I was lucky enough to snag one of the remaining spots at Social Change Institute 2011 at the Leadership Institute at Hollyhock, on spectacular Cortes Island, June 8 to 12. I’m hoping to meet some new people who are working towards similar goals, build my engagement network, and ideally pick up a few ideas and skills along the way. I expect I’ll be outside my comfort zone for much of this conference, but I also expect to come home inspired and charged up.
I finally watched The Age of Stupid last night. Wow, what a wake-up call.
Not because I now know that glaciers are melting, or that Shell is flaring natural gas in Nigeria and poisoning ecosystems and generally doing Very Bad Things, or that Range-Rover-piloting NIMBYs are successfully halting British wind farms, or that India has a new and very popular low-cost airline run by an evidently rather unpleasant CEO.
I already know most of these things. But lots of people, presumably the film’s target audience, don’t. As Age of Stupid pans back into space in its final frames, leaving a dead future planet cluttered with junk satellites — Wall-E’s opening scene, except in reverse–the filmmakers were likely hoping I would be fired up to take political action.
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Bowen Island Official Community Plan Update Committee
February 28, 2010
Dear Members of the Committee:
My name is James Glave and I’m a father of two. Ours is a young commuter family, and my wife and I actively participate in many aspects of island life. I love this place, and I am proud to call it home.
My personal passion is climate change solutions, and the transportation, energy, and land-use strategies that have been shown to reduce per-capita greenhouse-gas emissions here in our region and around the world. We can talk about any number of issues, but in my mind, carbon is the ultimate deal-breaker. We simply don’t have an option other than finding ways to slash the stuff from our lives and community. If we don’t “act locally” on this “global” issue, it will eventually come home to our doorstop and find us where we live anyway.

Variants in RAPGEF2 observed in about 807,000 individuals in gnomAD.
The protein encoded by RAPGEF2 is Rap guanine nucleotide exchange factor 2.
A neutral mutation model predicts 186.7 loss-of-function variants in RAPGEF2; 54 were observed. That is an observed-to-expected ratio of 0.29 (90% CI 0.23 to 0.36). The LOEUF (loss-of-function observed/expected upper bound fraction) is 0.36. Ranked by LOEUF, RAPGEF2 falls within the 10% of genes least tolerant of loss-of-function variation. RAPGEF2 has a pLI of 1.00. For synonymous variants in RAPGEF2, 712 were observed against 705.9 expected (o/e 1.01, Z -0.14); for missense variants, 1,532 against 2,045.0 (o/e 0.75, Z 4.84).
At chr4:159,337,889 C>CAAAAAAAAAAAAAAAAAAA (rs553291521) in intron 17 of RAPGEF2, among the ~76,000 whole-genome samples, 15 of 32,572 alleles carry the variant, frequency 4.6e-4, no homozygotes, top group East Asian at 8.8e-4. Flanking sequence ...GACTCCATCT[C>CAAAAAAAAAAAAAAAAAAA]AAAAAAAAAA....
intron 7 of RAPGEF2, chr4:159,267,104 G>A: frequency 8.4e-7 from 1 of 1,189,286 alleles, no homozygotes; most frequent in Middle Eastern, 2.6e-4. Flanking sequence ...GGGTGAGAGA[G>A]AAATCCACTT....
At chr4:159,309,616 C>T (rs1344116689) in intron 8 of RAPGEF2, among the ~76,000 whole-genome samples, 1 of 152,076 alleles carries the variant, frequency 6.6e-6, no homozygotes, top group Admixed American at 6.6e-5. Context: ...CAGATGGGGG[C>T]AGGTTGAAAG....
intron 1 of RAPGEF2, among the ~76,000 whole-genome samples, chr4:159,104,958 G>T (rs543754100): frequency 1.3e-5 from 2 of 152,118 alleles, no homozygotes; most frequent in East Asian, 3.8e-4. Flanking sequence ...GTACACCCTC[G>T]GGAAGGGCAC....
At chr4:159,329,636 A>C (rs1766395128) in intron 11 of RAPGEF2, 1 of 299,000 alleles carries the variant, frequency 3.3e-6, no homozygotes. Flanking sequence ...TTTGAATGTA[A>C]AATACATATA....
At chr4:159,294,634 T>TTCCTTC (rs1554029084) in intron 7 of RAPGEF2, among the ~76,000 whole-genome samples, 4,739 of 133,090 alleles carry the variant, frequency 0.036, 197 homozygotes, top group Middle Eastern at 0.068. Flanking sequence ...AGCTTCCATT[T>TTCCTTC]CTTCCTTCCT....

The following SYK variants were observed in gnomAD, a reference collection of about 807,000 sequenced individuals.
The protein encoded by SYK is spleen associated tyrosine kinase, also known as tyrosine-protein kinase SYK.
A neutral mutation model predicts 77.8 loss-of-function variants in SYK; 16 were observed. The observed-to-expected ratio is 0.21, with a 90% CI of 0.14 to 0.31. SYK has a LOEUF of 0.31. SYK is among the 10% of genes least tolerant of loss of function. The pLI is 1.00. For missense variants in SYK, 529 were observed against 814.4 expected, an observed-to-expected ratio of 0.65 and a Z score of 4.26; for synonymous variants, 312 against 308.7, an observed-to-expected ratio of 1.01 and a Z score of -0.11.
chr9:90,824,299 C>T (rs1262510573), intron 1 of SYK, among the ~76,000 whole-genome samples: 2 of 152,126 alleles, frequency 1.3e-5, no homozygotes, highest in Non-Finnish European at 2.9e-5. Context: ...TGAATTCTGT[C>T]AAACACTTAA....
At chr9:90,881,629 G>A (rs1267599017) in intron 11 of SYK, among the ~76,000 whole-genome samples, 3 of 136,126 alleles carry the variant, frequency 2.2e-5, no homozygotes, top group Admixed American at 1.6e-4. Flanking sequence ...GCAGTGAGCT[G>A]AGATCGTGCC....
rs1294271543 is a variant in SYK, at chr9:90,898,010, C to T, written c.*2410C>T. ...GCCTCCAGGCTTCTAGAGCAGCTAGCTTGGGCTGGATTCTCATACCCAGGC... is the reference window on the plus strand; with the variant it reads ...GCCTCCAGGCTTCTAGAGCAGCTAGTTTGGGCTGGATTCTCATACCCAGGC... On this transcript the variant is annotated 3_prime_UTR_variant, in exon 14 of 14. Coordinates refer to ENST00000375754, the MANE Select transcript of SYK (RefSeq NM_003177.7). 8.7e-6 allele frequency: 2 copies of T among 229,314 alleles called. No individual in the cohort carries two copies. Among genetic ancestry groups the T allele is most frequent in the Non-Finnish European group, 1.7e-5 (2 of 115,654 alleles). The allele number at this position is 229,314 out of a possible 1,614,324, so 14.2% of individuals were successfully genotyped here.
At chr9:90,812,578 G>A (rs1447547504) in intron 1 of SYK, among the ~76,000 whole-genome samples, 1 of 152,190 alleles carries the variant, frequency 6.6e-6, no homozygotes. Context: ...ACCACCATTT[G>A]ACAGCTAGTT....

The science suggests that climate change will, in the near-term, overwhelm our first responders and social services, exhaust our municipal budget, and place hardship on our population via skyrocketing food prices. In the long term (which is what community planning is all about, right?) it will ultimately result in waves of climate refugees flooding into Canada, and ultimately our community. This is not chicken-little stuff, it is exhaustively documented in reports by The Global Humanitarian Forum, the World Health Organization, Oxfam, and many other public agencies and non-government organizations.
Climate change is not an “environmental” issue, it is a civilization challenge. I believe we have a profound moral obligation to address it, wherever we live. I personally believe that we do not get an excuse or “opt out” pass to address climate just because we choose to live in a beautiful place that is “seen to be rural,” where fawns dance at the roadside and salmon thrash in the lagoon. We are not entitled to an exemption because we are surrounded by great natural beauty. This is not just “China’s problem.” We should see our emissions as an opportunity to lead, not barely squeak through our statutory obligations and hope nobody is noticing. That’s how we are not dealing with it now.
I frequently parrot the message that a lot of small actions can add up to big change. For proof, look no further than this short video clip I did over the summer, one of a series of greener-living advice segments for a real-estate website called Cyberhomes.
There I am, proving the point that easy gestures—in this case, unplugging idle electronic devices—can all add up. It makes sense on paper, which is why the “everyone do their bit” credo is the basis of many behavior-change campaigns. And sure, it’s all well and good to unplug a few video games, or enjoy a healthy bike ride, or savor the vegetables and fruits you grew yourself.
But what about nitrous oxide? You know, laughing gas?
My dentist offers it to me every time I go in for a new crown or onlay which, given the pathetic state of my teeth, is pretty much at least once a year. And I usually turn it down, because despite its jovial nickname, the stuff is effectively two kinds of bad in one bottle.
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A petition is presently circulating through my community; it opposes a proposed development on the grounds that it is “far too big for our island.” The Cape Roger Curtis Neighborhood Plan has its shortcomings, sure, but also its strengths—including space set aside for a seniors care facility, affordable housing, community food gardens and composting, an outdoor amphitheater, bike paths, $7 million dollars worth of amenities, and hundreds of acres of protected parkland. More than 75 percent of the development is within a five minute walk of its center crossroads, where a bus stop, general store, or car co-op lot could potentially be located.
The plan embodies a number of smart-growth principles, and in my mind it is a better choice than the alternative—no parkland, just a sprawling subdivision of 58 10-acre lots, each likely crowned with a single McMansion. Though the opponents of the plan insist that the land owners do not have the legal authority to build out that sprawl nightmare, the truth is, they do. And they might end up doing just that if the community says thumbs-down to the proposal currently on the table.